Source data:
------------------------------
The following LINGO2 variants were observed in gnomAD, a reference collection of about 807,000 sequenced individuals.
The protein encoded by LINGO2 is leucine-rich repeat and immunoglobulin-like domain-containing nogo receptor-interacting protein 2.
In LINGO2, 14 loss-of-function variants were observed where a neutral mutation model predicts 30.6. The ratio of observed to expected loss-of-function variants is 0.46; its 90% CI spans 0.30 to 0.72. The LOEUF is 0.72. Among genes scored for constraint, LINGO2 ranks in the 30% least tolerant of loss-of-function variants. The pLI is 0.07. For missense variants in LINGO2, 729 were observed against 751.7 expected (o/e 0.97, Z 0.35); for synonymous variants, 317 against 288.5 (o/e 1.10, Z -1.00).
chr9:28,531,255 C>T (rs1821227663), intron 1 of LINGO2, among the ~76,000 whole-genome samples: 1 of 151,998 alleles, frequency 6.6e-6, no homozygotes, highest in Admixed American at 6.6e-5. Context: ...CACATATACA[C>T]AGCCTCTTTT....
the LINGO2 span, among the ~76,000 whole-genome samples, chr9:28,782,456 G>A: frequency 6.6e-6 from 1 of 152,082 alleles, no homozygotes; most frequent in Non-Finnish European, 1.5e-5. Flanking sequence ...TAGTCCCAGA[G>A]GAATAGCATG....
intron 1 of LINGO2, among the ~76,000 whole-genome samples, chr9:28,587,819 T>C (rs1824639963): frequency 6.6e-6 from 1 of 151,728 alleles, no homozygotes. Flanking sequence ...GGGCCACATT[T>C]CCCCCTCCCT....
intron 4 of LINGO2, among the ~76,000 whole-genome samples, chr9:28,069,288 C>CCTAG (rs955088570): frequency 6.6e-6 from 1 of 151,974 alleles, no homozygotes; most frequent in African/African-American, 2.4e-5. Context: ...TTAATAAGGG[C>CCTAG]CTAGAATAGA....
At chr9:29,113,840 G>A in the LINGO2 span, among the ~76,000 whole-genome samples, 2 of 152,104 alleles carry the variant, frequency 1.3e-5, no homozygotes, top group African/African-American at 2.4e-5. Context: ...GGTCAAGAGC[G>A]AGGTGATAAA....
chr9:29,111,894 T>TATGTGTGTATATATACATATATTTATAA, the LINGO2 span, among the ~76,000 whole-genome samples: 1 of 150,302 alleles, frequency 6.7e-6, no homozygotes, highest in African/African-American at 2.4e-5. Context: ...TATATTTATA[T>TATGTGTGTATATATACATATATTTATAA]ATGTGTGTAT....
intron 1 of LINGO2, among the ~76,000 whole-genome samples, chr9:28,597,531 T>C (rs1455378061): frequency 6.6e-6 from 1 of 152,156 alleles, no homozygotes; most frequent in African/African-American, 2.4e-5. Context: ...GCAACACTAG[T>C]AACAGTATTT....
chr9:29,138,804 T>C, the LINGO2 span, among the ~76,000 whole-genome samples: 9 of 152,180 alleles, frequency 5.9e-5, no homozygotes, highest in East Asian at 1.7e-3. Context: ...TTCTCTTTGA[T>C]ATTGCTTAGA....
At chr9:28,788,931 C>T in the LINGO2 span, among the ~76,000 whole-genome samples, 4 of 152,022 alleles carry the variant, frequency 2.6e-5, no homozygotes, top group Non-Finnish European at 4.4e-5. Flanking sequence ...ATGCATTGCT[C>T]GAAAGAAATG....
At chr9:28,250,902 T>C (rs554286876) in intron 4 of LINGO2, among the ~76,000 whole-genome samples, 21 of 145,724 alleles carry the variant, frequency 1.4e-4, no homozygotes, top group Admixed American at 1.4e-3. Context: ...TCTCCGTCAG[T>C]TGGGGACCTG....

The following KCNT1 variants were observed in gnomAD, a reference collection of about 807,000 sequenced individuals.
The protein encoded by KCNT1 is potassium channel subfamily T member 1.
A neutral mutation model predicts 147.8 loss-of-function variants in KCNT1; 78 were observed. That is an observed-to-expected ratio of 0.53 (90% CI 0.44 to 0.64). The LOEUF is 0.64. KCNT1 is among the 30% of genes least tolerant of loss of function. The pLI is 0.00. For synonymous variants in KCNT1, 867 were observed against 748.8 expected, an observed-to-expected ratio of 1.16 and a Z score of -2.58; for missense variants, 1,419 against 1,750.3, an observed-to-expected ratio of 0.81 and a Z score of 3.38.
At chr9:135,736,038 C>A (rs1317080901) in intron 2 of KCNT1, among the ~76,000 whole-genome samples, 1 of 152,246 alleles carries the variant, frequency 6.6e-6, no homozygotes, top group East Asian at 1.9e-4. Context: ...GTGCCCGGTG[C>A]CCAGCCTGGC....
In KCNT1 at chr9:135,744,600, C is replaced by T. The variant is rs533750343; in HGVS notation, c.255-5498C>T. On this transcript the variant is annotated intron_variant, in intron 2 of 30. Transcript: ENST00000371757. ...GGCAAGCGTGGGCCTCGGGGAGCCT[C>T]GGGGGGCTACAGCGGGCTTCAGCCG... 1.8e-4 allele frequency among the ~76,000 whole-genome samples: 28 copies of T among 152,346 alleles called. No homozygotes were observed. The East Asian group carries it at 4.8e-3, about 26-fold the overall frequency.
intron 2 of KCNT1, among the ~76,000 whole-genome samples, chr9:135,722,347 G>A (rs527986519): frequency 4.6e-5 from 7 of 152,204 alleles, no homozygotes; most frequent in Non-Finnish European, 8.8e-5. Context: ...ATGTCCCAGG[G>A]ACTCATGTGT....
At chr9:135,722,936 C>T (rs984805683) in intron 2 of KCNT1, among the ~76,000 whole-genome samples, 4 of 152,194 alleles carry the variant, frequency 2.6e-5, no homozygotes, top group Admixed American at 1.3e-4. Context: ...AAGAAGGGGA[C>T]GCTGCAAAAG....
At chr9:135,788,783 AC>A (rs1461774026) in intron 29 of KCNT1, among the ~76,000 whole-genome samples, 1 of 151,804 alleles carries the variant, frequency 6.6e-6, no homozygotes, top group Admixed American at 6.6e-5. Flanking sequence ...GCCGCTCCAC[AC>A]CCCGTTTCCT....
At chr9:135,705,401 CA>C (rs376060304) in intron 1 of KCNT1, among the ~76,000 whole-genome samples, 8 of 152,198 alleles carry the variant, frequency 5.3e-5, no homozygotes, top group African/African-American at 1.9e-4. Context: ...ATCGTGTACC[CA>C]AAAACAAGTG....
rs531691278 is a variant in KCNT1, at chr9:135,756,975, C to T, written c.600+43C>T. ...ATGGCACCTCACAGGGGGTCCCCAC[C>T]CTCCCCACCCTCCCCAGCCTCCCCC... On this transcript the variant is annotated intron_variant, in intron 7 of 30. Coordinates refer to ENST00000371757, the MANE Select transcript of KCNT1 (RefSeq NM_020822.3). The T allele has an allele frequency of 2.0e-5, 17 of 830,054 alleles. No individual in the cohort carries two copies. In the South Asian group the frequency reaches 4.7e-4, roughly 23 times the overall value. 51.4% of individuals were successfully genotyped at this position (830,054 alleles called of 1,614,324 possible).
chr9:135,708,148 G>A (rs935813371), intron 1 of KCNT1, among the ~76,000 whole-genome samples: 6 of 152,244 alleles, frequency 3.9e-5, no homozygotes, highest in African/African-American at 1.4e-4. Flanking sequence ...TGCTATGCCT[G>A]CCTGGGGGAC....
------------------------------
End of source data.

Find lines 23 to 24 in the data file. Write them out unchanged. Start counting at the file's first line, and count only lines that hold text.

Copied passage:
rs531691278 is a variant in KCNT1, at chr9:135,756,975, C to T, written c.600+43C>T. ...ATGGCACCTCACAGGGGGTCCCCAC[C>T]CTCCCCACCCTCCCCAGCCTCCCCC... On this transcript the variant is annotated intron_variant, in intron 7 of 30. Coordinates refer to ENST00000371757, the MANE Select transcript of KCNT1 (RefSeq NM_020822.3). The T allele has an allele frequency of 2.0e-5, 17 of 830,054 alleles. No individual in the cohort carries two copies. In the South Asian group the frequency reaches 4.7e-4, roughly 23 times the overall value. 51.4% of individuals were successfully genotyped at this position (830,054 alleles called of 1,614,324 possible).
chr9:135,708,148 G>A (rs935813371), intron 1 of KCNT1, among the ~76,000 whole-genome samples: 6 of 152,244 alleles, frequency 3.9e-5, no homozygotes, highest in African/African-American at 1.4e-4. Flanking sequence ...TGCTATGCCT[G>A]CCTGGGGGAC....